Bucs fans and SR’s Fab 5 readers sound off on their opinions on Bucs general manager Jason Licht and Tampa Bay’s draft needs Koetter, in addition to tight end Cameron Brate and left tackle Donovan Smith. What does PewterReport.com publisher and Bucs beat writer Scott Reynolds have to say? Find out right here.
Welcome to another installment of SR’s Fab 5 Reaction where each week I take the time to answer your questions and respond to your comments from the previous week’s SR’s Fab 5 column. Due to time constraints from my responsibilities as publisher, I am unable to respond to every reader comment each week, but I do read every one of them.
Comments have only been edited for clarity and grammar. Now on to your comments.
Topics in last week’s SR’s Fab 5 include: Brate Becoming A Force For Bucs Offense; Bucs Need Another Edge Rusher In 2017; Chalk One Up For Gottschalk; Bucs Scrambling For Big Plays
Good Fab 5!
Fab 1. I would have to rate Cameron Brate great. Maybe he can grate on other defenses. Don’t want to orate or berate Brate. I think his play is animated and pretty good. I believe that he will agitate KC.
Fab 2. Back in the day it was the addition of Simeon Rice that made the Bucs a feared defense. Yes, I am onboard with adding another defensive end. Rice was the second-best free agent ever for the Bucs. Hardy Nickerson was the No. 1 signing. If we don’t sign a defensive end, sign someone else on the line – offense or defense. I don’t care. Just build up the lines. I know, broken record.
Fab. 3. You can say you practice the scramble, but it’s all Jameis Winston when it happens. I don’t want to see a steady diet of those plays, but it’s cool when they work. Last week’s scramble against Chicago was epic.
Fab 4. Ben Gottschalk seems to be a big, corn-fed kind of guy. Not a bad thing. – chetthevette
Thank you, chetthevette. I agree that Simeon Rice was a huge free agent signing for Tampa Bay. Noah Spence is developing into a good pass rusher for the Bucs, but they need more than just one guy coming off the edge. I believe Tampa Bay will draft another defensive end early next year. You can never have enough good pass rushers. – SR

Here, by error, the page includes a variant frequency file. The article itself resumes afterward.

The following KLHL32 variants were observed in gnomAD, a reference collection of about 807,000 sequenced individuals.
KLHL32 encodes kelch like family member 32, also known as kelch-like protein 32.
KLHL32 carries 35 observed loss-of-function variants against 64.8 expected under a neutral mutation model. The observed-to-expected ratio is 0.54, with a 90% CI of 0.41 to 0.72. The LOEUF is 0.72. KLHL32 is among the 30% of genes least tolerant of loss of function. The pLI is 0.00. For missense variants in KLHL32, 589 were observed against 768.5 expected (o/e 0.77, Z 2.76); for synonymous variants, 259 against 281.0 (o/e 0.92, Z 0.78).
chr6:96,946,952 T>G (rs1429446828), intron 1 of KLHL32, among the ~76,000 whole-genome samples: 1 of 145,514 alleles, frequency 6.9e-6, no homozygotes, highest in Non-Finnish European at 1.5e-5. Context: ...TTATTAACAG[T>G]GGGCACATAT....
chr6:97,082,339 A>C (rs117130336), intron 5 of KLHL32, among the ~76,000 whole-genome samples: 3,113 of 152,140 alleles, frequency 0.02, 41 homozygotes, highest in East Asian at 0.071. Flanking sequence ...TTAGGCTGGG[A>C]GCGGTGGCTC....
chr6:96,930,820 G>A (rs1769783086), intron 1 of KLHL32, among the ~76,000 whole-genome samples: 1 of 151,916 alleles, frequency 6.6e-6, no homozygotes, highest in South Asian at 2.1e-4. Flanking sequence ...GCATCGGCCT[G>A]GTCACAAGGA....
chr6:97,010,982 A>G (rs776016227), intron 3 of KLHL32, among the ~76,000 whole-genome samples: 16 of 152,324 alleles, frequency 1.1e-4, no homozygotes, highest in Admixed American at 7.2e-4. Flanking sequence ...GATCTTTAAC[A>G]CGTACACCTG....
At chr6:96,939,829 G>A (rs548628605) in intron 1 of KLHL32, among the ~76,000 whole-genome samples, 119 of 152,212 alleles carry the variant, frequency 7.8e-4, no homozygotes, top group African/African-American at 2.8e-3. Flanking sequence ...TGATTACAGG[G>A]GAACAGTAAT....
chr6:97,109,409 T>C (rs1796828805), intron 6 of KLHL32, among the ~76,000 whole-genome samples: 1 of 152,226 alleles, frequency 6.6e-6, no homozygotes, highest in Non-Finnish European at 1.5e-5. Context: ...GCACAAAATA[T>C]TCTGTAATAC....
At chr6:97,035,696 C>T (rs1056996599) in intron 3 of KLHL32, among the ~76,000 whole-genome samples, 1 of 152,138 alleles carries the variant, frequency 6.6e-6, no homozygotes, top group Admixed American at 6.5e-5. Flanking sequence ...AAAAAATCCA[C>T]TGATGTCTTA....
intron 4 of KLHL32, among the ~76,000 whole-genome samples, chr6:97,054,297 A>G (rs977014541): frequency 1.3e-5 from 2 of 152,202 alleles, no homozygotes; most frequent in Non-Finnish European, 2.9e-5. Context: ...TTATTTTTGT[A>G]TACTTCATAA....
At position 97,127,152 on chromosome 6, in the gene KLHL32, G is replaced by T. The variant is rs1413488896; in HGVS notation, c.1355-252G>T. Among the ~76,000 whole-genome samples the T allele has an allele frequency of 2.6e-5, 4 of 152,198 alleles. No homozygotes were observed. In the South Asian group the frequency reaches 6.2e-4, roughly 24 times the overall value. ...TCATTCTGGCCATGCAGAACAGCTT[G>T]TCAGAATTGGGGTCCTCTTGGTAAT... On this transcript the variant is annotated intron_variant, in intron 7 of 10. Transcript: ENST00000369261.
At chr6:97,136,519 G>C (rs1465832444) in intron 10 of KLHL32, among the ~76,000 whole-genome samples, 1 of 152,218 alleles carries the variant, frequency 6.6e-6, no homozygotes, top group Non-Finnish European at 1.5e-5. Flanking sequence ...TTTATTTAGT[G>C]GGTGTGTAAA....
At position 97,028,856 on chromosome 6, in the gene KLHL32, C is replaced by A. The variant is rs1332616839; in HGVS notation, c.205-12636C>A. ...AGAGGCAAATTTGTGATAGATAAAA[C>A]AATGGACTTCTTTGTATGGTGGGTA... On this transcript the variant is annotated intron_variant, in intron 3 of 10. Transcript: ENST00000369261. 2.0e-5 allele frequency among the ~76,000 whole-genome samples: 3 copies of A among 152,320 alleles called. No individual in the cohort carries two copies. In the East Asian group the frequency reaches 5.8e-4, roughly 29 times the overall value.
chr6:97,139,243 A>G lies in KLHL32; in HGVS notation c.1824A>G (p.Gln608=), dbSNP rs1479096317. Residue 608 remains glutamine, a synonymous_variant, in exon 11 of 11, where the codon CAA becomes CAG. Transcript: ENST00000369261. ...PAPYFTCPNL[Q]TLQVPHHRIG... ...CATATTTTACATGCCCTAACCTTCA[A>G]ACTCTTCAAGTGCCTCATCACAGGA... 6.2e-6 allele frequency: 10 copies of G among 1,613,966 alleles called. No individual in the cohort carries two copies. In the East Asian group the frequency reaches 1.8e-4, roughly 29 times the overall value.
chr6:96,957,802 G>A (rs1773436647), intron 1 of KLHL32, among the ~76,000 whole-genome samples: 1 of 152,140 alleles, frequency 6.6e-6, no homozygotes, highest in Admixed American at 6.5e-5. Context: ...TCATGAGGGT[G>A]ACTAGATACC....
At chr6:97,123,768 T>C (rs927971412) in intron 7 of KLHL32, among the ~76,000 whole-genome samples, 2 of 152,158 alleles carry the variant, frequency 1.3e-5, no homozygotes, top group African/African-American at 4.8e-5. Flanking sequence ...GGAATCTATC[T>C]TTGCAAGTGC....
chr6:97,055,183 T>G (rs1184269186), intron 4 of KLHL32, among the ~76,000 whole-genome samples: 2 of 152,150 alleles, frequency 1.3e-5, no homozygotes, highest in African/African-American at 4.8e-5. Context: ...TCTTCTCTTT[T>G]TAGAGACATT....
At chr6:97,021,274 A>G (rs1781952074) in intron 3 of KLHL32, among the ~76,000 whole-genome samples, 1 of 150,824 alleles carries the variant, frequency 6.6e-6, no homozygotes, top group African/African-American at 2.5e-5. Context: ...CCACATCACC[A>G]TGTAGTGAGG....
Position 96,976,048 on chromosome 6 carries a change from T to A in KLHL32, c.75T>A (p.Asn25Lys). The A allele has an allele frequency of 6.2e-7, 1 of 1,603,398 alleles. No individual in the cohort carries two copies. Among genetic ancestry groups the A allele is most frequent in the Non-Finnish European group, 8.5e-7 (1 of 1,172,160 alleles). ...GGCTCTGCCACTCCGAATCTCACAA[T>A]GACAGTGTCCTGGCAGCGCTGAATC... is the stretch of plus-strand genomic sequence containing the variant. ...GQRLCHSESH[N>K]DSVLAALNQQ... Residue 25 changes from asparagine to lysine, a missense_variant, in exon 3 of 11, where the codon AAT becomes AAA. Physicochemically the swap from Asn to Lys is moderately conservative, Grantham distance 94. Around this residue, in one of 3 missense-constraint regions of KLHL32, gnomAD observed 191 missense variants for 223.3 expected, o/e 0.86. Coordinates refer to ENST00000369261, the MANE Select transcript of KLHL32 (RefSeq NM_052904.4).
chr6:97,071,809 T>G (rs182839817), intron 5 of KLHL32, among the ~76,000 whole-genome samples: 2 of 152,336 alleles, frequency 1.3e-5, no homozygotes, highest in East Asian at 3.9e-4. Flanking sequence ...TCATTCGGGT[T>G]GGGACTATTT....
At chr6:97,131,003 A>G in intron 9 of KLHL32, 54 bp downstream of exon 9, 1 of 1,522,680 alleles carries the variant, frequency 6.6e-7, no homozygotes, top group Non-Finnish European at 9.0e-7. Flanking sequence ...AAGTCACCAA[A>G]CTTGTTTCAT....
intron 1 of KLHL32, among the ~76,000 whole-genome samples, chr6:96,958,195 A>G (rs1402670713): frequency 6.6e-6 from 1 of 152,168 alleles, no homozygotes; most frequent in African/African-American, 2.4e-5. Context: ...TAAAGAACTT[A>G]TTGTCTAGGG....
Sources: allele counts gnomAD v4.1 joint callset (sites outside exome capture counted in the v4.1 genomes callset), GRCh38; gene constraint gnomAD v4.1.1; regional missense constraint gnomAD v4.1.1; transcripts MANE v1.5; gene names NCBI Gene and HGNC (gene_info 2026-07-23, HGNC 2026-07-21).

Scott, I think that Jason Licht did a good job of recognizing that Cameron Brate had potential, but if they thought he was that good they never would have cut him in the first place. What has made Brate was Brate himself. I’ll grant Licht an assist but Brate was the guy that got the goal (to steal a hockey term). It was Brate’s willingness to work in the weight room, learn the playbook and take every rep he could with Jameis Winston that got him the starting tight end job.
Bucs GM Jason Licht & Director of College Scouting Mike Biehl – Photo by: Eric Dellaratta/PR
This next draft is going to be the one that if we hit the right combination of picks can propel this team to the next level in my opinion. Right now I see our top four needs as defensive line, offensive tackle, wide receiver and safety, and people could make a strong case for another cornerback. That’s too many holes to plug in the draft and free agency is mostly a crapshoot.
You can’t have stars at every position, so the question is in what order do you fill those needs knowing that the lower you go the less likely you are to get a starter let alone an impact player? We tried to shore up the safety position a few years back by a guy that even John Lynch said was a ‘can’t miss’ player in Mark Barron, and he basically busted out with us. Do we do what some fans recommend and move Donovan Smith over to right tackle and attempt to draft a left tackle knowing that in 2013, three left tackles were taken in the first 5 picks and none of which has had the success you would expect for someone taken that high?
Should we do what Atlanta did back a few years ago when Roddy White was still considered a No. 1 wide receiver and pick another guy that can basically be another No. 1 wide receiver so that teams will have nightmares about who to cover?
Or do we what others have talked about and draft a fast defensive end to go along the defensive line and hope that he’s not another Gaines Adams? In short, every need we have has a recent example of players that were thought to be ‘can’t miss’ guys that ended up missing, in some cases, badly.